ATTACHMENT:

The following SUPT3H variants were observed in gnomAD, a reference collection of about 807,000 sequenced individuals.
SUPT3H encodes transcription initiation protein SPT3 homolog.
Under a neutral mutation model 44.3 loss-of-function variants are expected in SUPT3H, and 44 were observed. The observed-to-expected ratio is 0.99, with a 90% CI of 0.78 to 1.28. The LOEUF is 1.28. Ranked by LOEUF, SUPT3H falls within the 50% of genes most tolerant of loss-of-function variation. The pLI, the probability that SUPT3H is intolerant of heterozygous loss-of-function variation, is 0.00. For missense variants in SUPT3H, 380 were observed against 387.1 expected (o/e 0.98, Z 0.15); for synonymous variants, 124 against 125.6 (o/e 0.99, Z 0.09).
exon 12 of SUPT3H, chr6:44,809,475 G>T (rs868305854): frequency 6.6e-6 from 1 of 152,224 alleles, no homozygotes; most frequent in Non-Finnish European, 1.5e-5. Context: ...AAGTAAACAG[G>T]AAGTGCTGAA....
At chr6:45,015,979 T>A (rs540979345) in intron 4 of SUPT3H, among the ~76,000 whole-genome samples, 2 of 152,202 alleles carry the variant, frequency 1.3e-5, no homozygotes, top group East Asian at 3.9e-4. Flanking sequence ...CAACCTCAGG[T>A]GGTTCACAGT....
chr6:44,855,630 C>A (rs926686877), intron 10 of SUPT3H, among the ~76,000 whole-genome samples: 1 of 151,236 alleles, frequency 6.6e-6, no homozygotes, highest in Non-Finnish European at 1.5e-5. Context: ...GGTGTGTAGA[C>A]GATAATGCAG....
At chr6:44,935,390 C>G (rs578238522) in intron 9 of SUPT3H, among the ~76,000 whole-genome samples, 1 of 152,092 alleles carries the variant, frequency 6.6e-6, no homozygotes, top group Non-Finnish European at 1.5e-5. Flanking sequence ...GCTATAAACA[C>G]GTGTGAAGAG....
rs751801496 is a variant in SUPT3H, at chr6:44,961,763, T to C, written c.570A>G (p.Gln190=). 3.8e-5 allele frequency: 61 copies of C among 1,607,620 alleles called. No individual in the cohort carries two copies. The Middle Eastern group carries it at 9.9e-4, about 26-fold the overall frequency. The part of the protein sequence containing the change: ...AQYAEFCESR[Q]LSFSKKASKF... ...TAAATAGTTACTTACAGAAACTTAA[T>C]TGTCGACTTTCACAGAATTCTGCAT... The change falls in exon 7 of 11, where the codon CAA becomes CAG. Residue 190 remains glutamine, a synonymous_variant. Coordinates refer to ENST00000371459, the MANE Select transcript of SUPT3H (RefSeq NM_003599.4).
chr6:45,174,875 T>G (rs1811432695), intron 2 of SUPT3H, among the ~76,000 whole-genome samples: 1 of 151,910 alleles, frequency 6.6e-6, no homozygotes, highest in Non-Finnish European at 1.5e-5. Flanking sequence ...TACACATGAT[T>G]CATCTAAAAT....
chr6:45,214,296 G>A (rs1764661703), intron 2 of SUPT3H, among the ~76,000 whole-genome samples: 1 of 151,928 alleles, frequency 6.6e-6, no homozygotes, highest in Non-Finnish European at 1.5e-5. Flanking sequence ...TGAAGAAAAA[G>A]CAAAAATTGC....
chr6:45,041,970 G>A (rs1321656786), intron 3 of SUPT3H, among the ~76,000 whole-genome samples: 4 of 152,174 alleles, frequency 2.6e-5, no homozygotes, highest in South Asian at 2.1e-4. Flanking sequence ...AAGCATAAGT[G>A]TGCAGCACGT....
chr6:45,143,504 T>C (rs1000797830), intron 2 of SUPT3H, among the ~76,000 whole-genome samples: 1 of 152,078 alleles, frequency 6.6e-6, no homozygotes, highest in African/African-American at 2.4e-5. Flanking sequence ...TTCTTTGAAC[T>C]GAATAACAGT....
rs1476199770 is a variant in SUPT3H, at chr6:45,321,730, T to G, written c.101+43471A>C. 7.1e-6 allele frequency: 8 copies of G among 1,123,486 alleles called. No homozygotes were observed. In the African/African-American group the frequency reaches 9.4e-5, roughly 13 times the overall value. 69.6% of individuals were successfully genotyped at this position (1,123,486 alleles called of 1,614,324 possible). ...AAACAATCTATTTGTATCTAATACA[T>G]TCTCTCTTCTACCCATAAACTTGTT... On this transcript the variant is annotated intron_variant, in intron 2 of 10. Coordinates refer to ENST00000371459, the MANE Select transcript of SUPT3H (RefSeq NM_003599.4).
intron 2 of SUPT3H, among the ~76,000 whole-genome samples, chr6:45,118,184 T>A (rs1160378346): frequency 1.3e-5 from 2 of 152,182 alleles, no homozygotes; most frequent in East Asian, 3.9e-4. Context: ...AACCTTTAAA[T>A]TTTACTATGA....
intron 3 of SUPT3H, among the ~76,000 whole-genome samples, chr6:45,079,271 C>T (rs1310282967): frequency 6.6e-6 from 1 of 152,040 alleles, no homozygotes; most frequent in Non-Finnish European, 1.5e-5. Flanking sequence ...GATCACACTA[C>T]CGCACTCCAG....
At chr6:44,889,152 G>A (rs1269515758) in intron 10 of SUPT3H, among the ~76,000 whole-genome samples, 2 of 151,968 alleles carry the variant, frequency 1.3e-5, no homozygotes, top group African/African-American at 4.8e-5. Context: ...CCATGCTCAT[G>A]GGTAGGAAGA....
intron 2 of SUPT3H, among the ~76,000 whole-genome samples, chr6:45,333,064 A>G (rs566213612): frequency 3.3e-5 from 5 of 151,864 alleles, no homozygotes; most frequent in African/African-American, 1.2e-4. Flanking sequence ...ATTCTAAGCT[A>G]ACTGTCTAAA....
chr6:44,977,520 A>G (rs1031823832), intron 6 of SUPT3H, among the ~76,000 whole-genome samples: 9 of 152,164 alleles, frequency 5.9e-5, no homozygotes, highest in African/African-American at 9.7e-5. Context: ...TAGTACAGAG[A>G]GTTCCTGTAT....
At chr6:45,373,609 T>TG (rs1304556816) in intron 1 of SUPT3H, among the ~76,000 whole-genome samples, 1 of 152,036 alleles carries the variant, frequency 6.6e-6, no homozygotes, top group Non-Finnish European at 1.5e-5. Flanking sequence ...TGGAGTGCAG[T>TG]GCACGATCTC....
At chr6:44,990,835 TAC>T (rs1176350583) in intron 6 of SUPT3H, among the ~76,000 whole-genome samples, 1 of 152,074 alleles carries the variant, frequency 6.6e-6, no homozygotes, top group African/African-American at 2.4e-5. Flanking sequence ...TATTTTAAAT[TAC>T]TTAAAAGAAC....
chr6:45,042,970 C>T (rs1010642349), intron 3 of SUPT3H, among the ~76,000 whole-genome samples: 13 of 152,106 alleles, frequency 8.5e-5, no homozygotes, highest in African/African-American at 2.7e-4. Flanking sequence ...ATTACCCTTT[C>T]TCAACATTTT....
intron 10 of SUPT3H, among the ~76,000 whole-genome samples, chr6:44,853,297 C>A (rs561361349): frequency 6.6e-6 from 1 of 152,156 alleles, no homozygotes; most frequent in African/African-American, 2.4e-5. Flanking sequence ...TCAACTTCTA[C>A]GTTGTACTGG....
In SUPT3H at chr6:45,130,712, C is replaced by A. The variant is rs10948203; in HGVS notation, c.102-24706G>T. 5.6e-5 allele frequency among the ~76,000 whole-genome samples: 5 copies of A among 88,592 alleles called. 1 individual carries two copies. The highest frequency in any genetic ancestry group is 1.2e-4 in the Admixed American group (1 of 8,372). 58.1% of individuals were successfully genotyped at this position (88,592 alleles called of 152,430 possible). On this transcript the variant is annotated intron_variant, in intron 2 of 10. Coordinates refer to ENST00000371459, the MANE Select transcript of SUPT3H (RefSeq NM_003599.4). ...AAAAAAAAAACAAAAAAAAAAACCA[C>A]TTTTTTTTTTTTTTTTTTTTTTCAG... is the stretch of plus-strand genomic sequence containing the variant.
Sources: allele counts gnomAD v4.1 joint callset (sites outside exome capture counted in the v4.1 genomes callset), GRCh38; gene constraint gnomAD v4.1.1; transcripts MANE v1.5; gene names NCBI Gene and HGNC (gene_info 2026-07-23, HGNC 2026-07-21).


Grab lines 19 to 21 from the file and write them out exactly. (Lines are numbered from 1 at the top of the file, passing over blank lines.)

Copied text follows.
At chr6:45,373,609 T>TG (rs1304556816) in intron 1 of SUPT3H, among the ~76,000 whole-genome samples, 1 of 152,036 alleles carries the variant, frequency 6.6e-6, no homozygotes, top group Non-Finnish European at 1.5e-5. Flanking sequence ...TGGAGTGCAG[T>TG]GCACGATCTC....
At chr6:44,990,835 TAC>T (rs1176350583) in intron 6 of SUPT3H, among the ~76,000 whole-genome samples, 1 of 152,074 alleles carries the variant, frequency 6.6e-6, no homozygotes, top group African/African-American at 2.4e-5. Flanking sequence ...TATTTTAAAT[TAC>T]TTAAAAGAAC....
chr6:45,042,970 C>T (rs1010642349), intron 3 of SUPT3H, among the ~76,000 whole-genome samples: 13 of 152,106 alleles, frequency 8.5e-5, no homozygotes, highest in African/African-American at 2.7e-4. Flanking sequence ...ATTACCCTTT[C>T]TCAACATTTT....